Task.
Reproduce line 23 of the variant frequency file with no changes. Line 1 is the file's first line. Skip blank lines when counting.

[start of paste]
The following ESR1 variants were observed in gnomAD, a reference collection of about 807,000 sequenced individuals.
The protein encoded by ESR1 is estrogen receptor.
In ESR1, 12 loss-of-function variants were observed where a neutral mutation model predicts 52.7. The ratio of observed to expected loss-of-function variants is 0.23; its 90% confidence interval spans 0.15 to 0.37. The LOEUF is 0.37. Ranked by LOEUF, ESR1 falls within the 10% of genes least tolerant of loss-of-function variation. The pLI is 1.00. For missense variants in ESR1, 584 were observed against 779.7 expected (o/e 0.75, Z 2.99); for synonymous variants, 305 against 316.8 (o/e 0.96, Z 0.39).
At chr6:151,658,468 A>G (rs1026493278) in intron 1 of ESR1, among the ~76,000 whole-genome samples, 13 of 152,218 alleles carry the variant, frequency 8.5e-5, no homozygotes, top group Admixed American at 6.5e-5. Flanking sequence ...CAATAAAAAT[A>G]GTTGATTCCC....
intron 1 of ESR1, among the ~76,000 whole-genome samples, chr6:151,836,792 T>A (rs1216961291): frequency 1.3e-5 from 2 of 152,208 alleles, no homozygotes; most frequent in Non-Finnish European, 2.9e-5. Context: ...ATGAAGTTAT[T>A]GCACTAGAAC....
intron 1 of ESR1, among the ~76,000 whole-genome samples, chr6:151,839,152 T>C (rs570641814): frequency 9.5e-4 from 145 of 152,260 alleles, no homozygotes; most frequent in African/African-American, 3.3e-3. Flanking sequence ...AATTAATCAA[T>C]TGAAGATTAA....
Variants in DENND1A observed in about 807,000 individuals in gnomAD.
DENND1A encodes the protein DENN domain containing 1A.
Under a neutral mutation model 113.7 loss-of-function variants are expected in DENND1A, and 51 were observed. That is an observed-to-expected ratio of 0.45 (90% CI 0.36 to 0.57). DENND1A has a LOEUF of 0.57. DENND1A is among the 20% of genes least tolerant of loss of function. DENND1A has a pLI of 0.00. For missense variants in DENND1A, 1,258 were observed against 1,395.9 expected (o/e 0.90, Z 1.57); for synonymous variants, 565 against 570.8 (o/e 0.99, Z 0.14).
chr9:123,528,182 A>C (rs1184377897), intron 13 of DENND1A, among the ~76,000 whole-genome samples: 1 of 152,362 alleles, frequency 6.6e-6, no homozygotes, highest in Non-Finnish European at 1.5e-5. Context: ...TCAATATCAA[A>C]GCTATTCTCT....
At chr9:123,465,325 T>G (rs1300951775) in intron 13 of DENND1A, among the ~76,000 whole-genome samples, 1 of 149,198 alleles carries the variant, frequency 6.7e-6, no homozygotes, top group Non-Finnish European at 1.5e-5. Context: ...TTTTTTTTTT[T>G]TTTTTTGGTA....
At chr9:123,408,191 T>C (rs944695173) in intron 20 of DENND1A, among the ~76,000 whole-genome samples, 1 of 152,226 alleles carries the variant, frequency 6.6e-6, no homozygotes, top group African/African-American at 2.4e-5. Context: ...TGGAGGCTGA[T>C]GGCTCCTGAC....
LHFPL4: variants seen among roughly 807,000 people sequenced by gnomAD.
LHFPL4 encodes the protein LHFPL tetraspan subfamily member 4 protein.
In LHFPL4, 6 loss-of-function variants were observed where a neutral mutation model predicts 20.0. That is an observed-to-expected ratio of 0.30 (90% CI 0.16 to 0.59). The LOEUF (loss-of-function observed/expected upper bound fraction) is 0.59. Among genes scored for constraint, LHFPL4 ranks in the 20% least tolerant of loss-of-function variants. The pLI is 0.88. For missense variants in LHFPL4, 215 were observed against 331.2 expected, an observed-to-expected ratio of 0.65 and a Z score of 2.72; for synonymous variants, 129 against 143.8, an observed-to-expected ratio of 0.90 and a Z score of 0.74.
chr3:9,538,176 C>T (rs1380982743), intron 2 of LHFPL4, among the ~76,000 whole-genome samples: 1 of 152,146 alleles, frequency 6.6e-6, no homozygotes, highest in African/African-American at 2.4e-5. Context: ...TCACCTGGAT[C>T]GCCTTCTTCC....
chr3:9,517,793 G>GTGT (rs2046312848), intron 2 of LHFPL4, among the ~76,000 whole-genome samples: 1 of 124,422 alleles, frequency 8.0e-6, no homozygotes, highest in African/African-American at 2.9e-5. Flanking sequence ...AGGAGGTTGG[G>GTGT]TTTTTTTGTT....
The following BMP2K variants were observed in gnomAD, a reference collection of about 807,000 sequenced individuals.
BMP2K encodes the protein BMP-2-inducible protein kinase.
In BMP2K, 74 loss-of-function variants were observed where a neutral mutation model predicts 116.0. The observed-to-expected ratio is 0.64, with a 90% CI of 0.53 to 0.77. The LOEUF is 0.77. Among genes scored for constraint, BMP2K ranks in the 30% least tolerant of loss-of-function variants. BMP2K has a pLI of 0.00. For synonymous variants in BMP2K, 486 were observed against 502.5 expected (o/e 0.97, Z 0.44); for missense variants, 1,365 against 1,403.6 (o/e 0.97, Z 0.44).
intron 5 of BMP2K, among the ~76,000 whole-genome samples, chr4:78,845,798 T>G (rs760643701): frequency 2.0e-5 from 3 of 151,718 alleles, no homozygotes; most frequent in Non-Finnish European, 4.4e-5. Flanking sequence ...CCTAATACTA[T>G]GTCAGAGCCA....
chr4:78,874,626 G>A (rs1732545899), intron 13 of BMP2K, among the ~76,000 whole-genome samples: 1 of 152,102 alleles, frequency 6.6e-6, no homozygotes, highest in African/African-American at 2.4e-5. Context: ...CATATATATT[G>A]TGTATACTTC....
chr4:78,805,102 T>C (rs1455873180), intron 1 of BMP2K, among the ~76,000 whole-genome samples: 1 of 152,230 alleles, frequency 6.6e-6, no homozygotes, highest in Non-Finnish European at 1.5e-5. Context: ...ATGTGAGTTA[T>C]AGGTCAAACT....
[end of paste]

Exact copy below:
chr4:78,805,102 T>C (rs1455873180), intron 1 of BMP2K, among the ~76,000 whole-genome samples: 1 of 152,230 alleles, frequency 6.6e-6, no homozygotes, highest in Non-Finnish European at 1.5e-5. Context: ...ATGTGAGTTA[T>C]AGGTCAAACT....